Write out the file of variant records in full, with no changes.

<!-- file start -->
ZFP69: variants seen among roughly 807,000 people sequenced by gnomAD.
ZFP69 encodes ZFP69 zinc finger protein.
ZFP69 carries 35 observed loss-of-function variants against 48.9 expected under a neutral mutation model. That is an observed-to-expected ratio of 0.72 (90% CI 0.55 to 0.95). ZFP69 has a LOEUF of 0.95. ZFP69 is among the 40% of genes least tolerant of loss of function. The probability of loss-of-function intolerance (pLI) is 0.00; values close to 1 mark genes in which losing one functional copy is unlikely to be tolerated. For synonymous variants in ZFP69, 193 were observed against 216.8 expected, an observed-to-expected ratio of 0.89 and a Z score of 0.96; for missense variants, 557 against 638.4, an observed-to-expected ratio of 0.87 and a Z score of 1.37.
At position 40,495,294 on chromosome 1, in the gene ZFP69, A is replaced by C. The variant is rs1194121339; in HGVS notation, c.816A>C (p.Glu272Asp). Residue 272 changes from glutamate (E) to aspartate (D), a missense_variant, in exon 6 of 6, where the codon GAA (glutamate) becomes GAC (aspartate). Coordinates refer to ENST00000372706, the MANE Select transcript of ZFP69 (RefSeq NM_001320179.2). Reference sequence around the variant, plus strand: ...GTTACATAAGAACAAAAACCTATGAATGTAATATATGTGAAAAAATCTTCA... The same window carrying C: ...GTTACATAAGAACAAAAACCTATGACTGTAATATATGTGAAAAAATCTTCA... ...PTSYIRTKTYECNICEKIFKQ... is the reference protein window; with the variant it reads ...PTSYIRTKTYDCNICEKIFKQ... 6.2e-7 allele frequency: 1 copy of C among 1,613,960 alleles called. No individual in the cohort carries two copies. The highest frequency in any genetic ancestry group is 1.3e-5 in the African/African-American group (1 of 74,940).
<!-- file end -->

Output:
ZFP69: variants seen among roughly 807,000 people sequenced by gnomAD.
ZFP69 encodes ZFP69 zinc finger protein.
ZFP69 carries 35 observed loss-of-function variants against 48.9 expected under a neutral mutation model. That is an observed-to-expected ratio of 0.72 (90% CI 0.55 to 0.95). ZFP69 has a LOEUF of 0.95. ZFP69 is among the 40% of genes least tolerant of loss of function. The probability of loss-of-function intolerance (pLI) is 0.00; values close to 1 mark genes in which losing one functional copy is unlikely to be tolerated. For synonymous variants in ZFP69, 193 were observed against 216.8 expected, an observed-to-expected ratio of 0.89 and a Z score of 0.96; for missense variants, 557 against 638.4, an observed-to-expected ratio of 0.87 and a Z score of 1.37.
At position 40,495,294 on chromosome 1, in the gene ZFP69, A is replaced by C. The variant is rs1194121339; in HGVS notation, c.816A>C (p.Glu272Asp). Residue 272 changes from glutamate (E) to aspartate (D), a missense_variant, in exon 6 of 6, where the codon GAA (glutamate) becomes GAC (aspartate). Coordinates refer to ENST00000372706, the MANE Select transcript of ZFP69 (RefSeq NM_001320179.2). Reference sequence around the variant, plus strand: ...GTTACATAAGAACAAAAACCTATGAATGTAATATATGTGAAAAAATCTTCA... The same window carrying C: ...GTTACATAAGAACAAAAACCTATGACTGTAATATATGTGAAAAAATCTTCA... ...PTSYIRTKTYECNICEKIFKQ... is the reference protein window; with the variant it reads ...PTSYIRTKTYDCNICEKIFKQ... 6.2e-7 allele frequency: 1 copy of C among 1,613,960 alleles called. No individual in the cohort carries two copies. The highest frequency in any genetic ancestry group is 1.3e-5 in the African/African-American group (1 of 74,940).